9. 9. cover story Sam Pitroda Basic facts NAME Satyanarayan (Sam) Gangaram Pitroda TITLE Adviser to the Prime Minister on Public Information Infrastructure and Innovations EMPLOYER Government of India AGE 69 HEADQUARTERS New Delhi and Chicago 10 • EBR #1 2012
  10. 10. Buildinga better India Western development models are not sustainable, scalable or desirable, says Sam Pitroda, a top Indian government adviser and the father of the Indian telecom revolution. Instead, he says the answers to India’s challenges lie in the “Gandhian model” of development. TEXT Nathan Hegedus PHOTOS Chris Maluszynski EBR #1 2012 • 11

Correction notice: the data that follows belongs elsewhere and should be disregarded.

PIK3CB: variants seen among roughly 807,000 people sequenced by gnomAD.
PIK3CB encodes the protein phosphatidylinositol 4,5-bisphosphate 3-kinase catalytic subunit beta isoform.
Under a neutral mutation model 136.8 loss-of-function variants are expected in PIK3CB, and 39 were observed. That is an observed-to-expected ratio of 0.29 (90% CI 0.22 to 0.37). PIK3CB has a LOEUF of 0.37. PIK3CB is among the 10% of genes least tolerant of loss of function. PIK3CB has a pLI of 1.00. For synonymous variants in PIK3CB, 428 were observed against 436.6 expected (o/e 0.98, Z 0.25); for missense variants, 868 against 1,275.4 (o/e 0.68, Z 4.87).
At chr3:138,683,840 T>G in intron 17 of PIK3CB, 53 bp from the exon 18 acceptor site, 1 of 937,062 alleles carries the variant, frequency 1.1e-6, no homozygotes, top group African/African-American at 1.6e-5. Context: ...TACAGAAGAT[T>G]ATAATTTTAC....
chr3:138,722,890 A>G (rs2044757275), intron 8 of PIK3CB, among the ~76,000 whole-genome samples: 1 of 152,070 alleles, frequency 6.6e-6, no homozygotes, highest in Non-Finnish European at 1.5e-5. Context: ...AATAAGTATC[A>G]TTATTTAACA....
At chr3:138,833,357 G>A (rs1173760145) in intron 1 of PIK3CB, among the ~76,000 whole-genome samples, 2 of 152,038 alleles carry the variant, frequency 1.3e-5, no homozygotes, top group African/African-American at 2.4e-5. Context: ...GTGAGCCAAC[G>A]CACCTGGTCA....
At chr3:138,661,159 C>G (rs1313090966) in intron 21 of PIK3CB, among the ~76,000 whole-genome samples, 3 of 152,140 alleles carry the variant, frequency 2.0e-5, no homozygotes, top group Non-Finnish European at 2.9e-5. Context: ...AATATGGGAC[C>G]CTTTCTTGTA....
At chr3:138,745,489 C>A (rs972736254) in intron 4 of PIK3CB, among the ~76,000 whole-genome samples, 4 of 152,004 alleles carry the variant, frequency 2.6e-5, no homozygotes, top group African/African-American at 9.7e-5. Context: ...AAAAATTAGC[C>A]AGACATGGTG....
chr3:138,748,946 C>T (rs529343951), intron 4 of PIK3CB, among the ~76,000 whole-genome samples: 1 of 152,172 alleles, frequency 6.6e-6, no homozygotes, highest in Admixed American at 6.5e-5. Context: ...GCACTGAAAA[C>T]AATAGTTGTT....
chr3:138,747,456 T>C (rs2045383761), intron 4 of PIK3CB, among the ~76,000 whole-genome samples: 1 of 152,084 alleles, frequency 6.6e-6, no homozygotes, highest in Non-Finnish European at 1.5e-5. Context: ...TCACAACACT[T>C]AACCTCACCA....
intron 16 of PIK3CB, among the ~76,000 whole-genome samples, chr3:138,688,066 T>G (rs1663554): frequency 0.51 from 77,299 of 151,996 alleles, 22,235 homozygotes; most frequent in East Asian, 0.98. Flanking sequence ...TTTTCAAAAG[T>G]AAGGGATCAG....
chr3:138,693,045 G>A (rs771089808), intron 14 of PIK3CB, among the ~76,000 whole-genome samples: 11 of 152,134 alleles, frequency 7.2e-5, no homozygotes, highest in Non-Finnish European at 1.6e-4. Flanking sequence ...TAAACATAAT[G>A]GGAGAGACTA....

11. 11. Pitroda on… Indian versus Chinese developmentCulturally, the two countries are very different. India is going tofocus on democratizing information. India is going to focus onyoung talent. The Indian innovation model is very different. AM PITRODA is the man who brought life cycles of Sam Pitroda” as if he were one of in the family had died.S telephones to rural India, essentially connecting India to itself. Today, at the age of , this son of a carpen- the groundbraking digital switches that he once developed as a young immigrant in Chicago. “So we knew that he was ‘part of the fami- ly.’ He taught us… Make sure you do the right things. So a sense of sacrifice, love for every-ter remains tirelessly true to a vision deeply body, truth, simplicity: all these things are em-rooted in his familys devotion to Gandhi. As PHASE ONE: STARTING OUT bedded in me, in my lifestyle.”influential as ever in India civic life, Pitroda One of eight children, Pitroda was born and But there is another side to Pitroda: thepreaches that India must drive its own open- raised in Titilagarh in the state of Orissa, a deep- American side.source tech revolution, one based on sustain- ly poor town with no running water or electric- In , inspired by the romanticism in usable and rural-based values. In its latest form, ity and certainly no telephones. His father, an President John F. Kennedy’s speech about put-he describes it as thedemocratization of in- immigrant from the faraway state of Gujarat, ting a man on the moon, Pitroda – newly grad-formation through connectivity. was a small-time lumber dealer with a drive for uated with an MSc in Physics and Electronics “We are a nation of over a billion people and his children to become something more. – boarded a boat, the start of a long journeywe cannot afford to follow a short-term mod- “In those days, he used to sell nails to the away from India and to the us.el meant for a population of less than  mil- British,” Pitroda says. “But he couldn’t speak It was in the us that Pitroda made his firstlion people,” Pitroda said at a recent confer- English. So he felt inferior to them. He said, phone call, home to India, and it was in the usence on Gandhi and connectivity. when his children grew up, that he wanted that he got a degree in electrical engineering. But Pitroda is not simply a visionary tech- them to speak English.” He found a niche in telecom in Chicago, work-nocrat grounded in Gandhian philosophy. He And then there was Mahatma Gandhi – a ing with digital switching for the US telecomis also a gifted electrical engineer with more fellow Gujarati and a central figure for both company gte. Later, after his father told himthan  patents to his name. Even now, talk- India and the Pitroda family. he was too young to get into the habit of work-ing to Ericsson Business Review, he sits up “When I was growing up, Gandhi was al- ing for other people, he started his own com-straight and says with a says with a spreading ways in our midst,” Pitroda says. “I still remem- pany with two that he can most certainly “still do the ber when I was a little kid, six years old, I Around this time, Pitroda was also editingbits and bytes.” was playing outside my house, and my father an issue of an ieee magazine that focused on So it is no surprise that when he considers came in and said Gandhi had died. I didn’t telecom development in the third world.his career, he uses the language not of a poli- quite understand it. Then everybody in the “I said, ‘Don’t focus on telecom density,tician but of an engineer and speaks of “the household had to take a bath, as if someone focus on accessibility,’” he says now. Sam Pitroda: walking the telecom talk ▶ SAM PITRODA SAYS “ percent” of his fo- bile money. He is no longer the ceo of which made him a millionaire. During the cus is on India and innovation, but it is im- c-sam, but the business has thrived as the same period, he also patented an idea for a portant to remember that this is a man who concept of mobile payments – and the tech- personal electronic diary. In the s, this can back up his tech talk. He holds more than nology surrounding it – have finally caught patent was incorporated into the popular  telecom and technology-based patents, up with his vision. Casio Digital Diary, a precursor to the per- and his visionary mobile-wallet technology “It was too far ahead of its time,” he says of his sonal digital assistants of the late s and may soon be in millions of smartphones. initial idea. “Now is the time to build (on) it.” the smartphones of today. In the past five In , Pitroda had recently returned to years alone, that patent has been referenced the US after living in India for most of the CSAM’S FIRST MOBILE wallet was launched in by the likes of ibm, Microsoft and Nokia. previous decade. He noticed his wife writ- Japan in  and has since been used in the But Pitroda’s most fun idea was probably ing personal check after personal check to us, China, India and Mexico, among other Compucards. Developed in , this is a pay their household expenses. Then he con- places. And the company keeps gaining new, deck of cards with binary numbers (, , , sidered all the other daily financial tasks that ever bigger customers. In August, , Isis , …) for the computer generation. Any- could even then be carried out online, and – the joint venture formed by at&t Mobil- one who reads the instructions closely can he came up with the idea of a digital wallet, ity, T-Mobile usa and Verizon Wireless – use the cards to play family games such as complete with “id cards,” “money,” “receipts” adopted c-sam’s platform to provide its poker and rummy. The joker is a hairy soft- and branded “credit cards.” mobile-wallet service. ware bug complete with legs and antennae. Pitroda patented his mobile-wallet idea in Yet the mobile wallet is just one of Pitro- But the most interesting card is probably the , founded a company (c-sam) to devel- da’s many innovative ideas. In the s, he king, who appears to resemble none other op it in , and later wrote a book on mo- created the  dss digital switching system, than Sam Pitroda. ●12 • EBR #1 2012